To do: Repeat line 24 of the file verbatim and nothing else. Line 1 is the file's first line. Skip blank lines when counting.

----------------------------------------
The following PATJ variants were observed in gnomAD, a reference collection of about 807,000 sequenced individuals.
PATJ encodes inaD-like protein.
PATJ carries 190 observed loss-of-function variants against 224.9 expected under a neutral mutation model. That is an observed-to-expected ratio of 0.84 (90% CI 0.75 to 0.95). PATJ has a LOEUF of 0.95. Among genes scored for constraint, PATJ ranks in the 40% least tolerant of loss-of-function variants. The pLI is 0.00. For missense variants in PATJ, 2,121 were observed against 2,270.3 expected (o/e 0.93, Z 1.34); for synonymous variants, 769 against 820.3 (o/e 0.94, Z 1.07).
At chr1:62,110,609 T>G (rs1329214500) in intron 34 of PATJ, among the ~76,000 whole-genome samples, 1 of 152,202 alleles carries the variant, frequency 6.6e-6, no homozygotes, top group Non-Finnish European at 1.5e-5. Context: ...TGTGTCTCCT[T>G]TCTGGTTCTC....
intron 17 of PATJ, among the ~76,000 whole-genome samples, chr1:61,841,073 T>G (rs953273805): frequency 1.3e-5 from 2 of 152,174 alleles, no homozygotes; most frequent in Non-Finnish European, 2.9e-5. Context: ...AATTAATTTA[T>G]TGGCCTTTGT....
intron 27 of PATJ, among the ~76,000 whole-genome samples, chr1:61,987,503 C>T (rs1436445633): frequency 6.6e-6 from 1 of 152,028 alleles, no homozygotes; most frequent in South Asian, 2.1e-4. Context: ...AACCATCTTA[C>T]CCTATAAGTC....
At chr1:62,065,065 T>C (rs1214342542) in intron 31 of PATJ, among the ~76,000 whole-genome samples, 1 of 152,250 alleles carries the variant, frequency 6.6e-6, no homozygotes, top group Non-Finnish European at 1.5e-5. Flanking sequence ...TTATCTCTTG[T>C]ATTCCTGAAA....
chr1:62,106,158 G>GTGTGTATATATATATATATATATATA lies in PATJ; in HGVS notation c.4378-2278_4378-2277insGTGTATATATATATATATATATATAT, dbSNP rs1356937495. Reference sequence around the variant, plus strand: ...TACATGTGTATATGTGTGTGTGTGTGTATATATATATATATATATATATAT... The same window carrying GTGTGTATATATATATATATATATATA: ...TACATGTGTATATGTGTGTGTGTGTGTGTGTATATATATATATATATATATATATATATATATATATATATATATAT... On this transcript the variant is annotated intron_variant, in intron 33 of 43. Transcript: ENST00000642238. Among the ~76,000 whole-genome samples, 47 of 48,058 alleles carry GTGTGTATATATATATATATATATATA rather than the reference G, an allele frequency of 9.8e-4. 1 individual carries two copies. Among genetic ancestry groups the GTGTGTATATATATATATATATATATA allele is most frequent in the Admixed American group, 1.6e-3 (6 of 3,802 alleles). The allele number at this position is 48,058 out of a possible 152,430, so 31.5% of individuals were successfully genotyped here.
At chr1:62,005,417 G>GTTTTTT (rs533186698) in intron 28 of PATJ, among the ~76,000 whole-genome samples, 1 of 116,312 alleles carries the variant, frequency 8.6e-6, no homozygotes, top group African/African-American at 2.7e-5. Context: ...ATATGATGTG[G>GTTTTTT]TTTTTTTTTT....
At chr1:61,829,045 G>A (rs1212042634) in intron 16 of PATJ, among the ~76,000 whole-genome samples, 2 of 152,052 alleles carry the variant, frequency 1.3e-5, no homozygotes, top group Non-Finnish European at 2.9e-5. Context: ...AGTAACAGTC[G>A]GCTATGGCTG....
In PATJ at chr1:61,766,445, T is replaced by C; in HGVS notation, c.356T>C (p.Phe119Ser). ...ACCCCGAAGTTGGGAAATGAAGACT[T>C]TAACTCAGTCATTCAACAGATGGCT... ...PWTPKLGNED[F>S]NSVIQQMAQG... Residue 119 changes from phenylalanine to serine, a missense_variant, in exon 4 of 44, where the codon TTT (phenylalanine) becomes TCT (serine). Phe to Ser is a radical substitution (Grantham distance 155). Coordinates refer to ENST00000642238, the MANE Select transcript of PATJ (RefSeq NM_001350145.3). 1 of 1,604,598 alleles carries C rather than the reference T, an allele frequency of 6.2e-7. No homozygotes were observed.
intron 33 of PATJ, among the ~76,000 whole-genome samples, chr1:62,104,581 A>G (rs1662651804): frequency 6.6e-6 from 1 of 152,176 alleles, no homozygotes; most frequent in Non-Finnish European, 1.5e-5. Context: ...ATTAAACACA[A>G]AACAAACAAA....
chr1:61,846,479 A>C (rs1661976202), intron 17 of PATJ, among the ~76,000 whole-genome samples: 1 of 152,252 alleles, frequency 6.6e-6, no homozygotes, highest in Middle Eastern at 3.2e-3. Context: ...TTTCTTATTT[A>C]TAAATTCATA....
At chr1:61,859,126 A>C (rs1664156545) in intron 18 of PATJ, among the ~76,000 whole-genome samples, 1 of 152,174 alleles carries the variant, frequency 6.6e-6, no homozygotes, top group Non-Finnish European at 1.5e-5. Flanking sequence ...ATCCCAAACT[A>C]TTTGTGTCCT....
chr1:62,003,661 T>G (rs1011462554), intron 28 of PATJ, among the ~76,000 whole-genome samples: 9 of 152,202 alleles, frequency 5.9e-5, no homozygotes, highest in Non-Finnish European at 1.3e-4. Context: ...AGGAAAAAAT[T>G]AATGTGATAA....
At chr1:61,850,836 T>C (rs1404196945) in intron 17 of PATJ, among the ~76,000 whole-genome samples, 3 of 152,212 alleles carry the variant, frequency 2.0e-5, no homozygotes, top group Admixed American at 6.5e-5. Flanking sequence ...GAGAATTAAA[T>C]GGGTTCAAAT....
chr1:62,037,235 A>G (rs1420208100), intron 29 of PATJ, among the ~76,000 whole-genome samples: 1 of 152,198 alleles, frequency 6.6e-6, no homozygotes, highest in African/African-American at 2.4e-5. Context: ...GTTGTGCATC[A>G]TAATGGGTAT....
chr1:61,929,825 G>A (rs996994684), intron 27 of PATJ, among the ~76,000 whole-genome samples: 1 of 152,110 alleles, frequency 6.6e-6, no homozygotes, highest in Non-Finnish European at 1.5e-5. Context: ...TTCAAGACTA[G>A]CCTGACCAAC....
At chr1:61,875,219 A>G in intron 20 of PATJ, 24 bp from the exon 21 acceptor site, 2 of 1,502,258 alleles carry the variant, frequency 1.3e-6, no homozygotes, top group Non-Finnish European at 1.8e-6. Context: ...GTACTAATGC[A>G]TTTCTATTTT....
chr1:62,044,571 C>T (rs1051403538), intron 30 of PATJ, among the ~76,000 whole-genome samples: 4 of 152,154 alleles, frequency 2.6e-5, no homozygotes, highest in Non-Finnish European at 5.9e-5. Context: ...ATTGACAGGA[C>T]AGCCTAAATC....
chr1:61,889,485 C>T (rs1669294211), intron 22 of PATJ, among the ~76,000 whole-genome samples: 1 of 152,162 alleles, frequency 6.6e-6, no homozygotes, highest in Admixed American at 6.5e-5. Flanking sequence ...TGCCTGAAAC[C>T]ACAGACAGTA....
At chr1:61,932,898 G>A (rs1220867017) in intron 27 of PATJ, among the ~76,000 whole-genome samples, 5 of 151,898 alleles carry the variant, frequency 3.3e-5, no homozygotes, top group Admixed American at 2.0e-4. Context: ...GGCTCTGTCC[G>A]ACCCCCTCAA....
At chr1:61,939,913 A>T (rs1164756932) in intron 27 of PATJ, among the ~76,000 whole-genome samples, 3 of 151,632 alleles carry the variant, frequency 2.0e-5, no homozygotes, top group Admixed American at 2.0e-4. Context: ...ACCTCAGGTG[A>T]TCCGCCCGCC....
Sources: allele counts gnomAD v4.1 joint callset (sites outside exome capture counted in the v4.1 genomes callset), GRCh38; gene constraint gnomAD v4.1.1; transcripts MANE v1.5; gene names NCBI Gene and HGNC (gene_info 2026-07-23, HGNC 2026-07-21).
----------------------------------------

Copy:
Sources: allele counts gnomAD v4.1 joint callset (sites outside exome capture counted in the v4.1 genomes callset), GRCh38; gene constraint gnomAD v4.1.1; transcripts MANE v1.5; gene names NCBI Gene and HGNC (gene_info 2026-07-23, HGNC 2026-07-21).